ALBUM REVIEW: Rubicon Cross is modernized ‘80s rock

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First Posted: 5/19/2014

It’s unbelievable how heavy the new Firehouse record turned out to be. Wait a second – this isn’t a new Firehouse record, actually. This is Rubicon Cross’ debut disc, the brainchild of Firehouse vocalist CJ Snare and Furyon guitarist Chris Green.

Sure, it’s got all the hallmarks that the North Carolina-based hard rock hitmakers are known for – Snare’s expressive vocal heights, fist-pumping guitar riffs, and run-and-gun drum entrapment that’s custom-built for an evening of rock ‘n’ roll bravado, arena style. What’s remarkable about Rubicon Cross, however, is that it sounds firmly planted in the now, with a slightly fiendish edge that should grab even the most jaded of anti-hair metal pessimists (FYI: Firehouse was never actually a member of such a club).

Opening with “Locked and Loaded,” the vibe is unmistakably anthemic ‘80s machismo, darkened up for a crass generation by way of pummeling Mark Tremonti-esque guitar and aggravated vocals that sound delightfully distressed. “My Own Worst Enemy” will drop a few jaws upon first listen, in awe that something so violently fun would have Snare’s name attached to it – the track is just that chaotic that one fully expects to hear Corey Taylor’s voice pipe in after the first riffs.

Standout tracks like “You Will Remember Me” are stunning examples of how classic melodic hard rock can be successfully programmed to avoid sounding dated – the clean, digital production value being dinted with an analog heartbeat makes for a satisfying 21st century AOR experience. “R U Angry” also follows this vein, with a familiar sing-a-long quality, but offset with an overwrought roller coaster of sentiment à la Three Days Grace, as Snare digs his heels in with, “Can’t believe that you could be any more unemotional.”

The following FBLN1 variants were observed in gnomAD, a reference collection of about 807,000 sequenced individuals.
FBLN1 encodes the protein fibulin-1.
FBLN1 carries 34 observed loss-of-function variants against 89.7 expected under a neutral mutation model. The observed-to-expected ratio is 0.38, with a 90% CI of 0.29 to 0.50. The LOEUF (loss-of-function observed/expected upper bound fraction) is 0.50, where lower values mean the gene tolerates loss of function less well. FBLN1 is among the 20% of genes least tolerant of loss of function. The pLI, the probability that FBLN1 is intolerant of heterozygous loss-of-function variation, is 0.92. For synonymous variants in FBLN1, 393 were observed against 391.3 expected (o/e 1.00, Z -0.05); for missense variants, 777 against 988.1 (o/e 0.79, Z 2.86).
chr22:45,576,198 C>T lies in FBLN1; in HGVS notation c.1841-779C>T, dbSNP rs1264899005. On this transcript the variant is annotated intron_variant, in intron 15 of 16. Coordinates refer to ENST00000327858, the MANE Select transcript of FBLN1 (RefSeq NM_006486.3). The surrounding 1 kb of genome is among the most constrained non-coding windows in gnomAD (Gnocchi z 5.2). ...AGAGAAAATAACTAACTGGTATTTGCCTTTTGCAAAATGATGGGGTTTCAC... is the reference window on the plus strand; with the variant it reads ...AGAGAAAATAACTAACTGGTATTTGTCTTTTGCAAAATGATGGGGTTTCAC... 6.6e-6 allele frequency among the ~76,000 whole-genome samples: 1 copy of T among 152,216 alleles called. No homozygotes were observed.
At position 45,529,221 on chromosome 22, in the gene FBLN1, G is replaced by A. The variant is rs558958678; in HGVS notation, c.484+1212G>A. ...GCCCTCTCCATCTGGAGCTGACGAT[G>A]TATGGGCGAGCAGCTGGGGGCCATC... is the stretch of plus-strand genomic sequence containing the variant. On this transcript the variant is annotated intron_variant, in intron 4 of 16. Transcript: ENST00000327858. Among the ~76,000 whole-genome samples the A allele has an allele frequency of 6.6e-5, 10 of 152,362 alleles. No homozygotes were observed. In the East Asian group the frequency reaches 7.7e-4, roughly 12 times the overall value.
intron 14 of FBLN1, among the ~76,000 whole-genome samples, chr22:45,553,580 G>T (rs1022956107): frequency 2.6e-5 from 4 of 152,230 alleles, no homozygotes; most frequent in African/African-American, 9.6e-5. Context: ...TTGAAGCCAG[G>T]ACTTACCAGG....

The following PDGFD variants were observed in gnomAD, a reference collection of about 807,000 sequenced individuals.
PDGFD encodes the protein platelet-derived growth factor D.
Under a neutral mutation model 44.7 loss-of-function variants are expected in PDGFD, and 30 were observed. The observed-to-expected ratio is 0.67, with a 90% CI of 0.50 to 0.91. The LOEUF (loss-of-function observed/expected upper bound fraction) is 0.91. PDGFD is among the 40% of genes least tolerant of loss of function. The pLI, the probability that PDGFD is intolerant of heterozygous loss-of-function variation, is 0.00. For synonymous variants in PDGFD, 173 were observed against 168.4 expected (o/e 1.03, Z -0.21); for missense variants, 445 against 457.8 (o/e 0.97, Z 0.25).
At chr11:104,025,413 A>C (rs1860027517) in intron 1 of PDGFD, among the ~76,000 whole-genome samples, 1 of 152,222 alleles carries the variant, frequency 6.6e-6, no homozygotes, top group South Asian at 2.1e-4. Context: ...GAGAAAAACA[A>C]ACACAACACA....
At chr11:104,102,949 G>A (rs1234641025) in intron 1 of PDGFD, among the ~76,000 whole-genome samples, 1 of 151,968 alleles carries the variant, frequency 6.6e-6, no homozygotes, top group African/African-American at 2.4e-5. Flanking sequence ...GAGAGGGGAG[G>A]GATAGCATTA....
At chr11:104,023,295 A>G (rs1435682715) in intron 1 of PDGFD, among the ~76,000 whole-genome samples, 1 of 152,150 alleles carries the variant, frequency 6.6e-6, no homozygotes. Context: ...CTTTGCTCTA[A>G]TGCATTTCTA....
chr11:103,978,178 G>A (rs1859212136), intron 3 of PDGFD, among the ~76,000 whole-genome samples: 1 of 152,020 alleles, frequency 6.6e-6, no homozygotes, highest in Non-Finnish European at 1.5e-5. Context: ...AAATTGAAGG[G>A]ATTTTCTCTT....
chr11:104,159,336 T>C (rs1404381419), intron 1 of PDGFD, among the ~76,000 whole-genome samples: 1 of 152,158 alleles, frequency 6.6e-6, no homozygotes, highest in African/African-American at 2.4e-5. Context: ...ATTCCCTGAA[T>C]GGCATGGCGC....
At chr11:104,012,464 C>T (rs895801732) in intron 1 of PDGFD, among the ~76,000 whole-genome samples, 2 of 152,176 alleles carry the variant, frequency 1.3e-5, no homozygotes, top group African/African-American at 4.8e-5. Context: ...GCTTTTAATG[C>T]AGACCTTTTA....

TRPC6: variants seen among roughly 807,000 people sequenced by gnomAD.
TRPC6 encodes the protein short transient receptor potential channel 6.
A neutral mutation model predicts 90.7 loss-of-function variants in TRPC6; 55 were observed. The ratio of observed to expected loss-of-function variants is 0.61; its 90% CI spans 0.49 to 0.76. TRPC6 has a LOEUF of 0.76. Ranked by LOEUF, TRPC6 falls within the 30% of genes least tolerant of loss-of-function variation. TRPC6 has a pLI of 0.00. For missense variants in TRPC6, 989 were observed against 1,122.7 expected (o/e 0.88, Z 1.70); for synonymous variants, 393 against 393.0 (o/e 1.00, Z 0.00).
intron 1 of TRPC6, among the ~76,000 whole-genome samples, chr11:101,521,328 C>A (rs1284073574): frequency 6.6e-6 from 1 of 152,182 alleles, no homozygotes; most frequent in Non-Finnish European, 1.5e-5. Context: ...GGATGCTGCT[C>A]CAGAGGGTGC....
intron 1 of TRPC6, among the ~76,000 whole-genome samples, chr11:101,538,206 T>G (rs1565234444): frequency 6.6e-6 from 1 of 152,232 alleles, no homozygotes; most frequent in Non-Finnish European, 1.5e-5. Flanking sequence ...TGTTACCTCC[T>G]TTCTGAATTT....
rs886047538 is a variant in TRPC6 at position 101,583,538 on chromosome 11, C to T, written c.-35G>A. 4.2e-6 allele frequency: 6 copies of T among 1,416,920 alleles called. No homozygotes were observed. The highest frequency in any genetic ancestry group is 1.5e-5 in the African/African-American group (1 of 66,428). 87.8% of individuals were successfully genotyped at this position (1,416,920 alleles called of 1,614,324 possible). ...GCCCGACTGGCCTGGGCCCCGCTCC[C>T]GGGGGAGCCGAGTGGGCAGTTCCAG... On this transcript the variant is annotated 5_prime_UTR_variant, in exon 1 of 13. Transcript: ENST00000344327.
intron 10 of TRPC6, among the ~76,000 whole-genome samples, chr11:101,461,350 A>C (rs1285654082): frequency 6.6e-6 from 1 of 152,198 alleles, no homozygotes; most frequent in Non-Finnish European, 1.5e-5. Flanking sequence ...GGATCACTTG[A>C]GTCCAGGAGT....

The ballads are in check, minus extraneous sap. Think the air of disturbance from Slipknot’s “Snuff” and you’ll get what Rubicon Cross is going for on “Moving On” – haunting acoustic passages swelling into fits of metal agony. “Shine” is a bit more Firehouse in structure, perhaps more preferable to a Nickelback radio platter than this record, but still wrapped up in iron-clad, blue-collar honesty. For something completely unexpected, check out album closer “All the Little Things” for a crushing dose of power pop that’s equal parts Enuff Z’Nuff and Bowling for Soup – bubblegum-punk harmonies that hum.

A stabbing reminder of just how infectious good hard rock can be, Rubicon Cross brings guilt-free fun without the filler back to mainstream taste buds.

Rubicon Cross ‘Rubicon Cross’ Rating: W W W W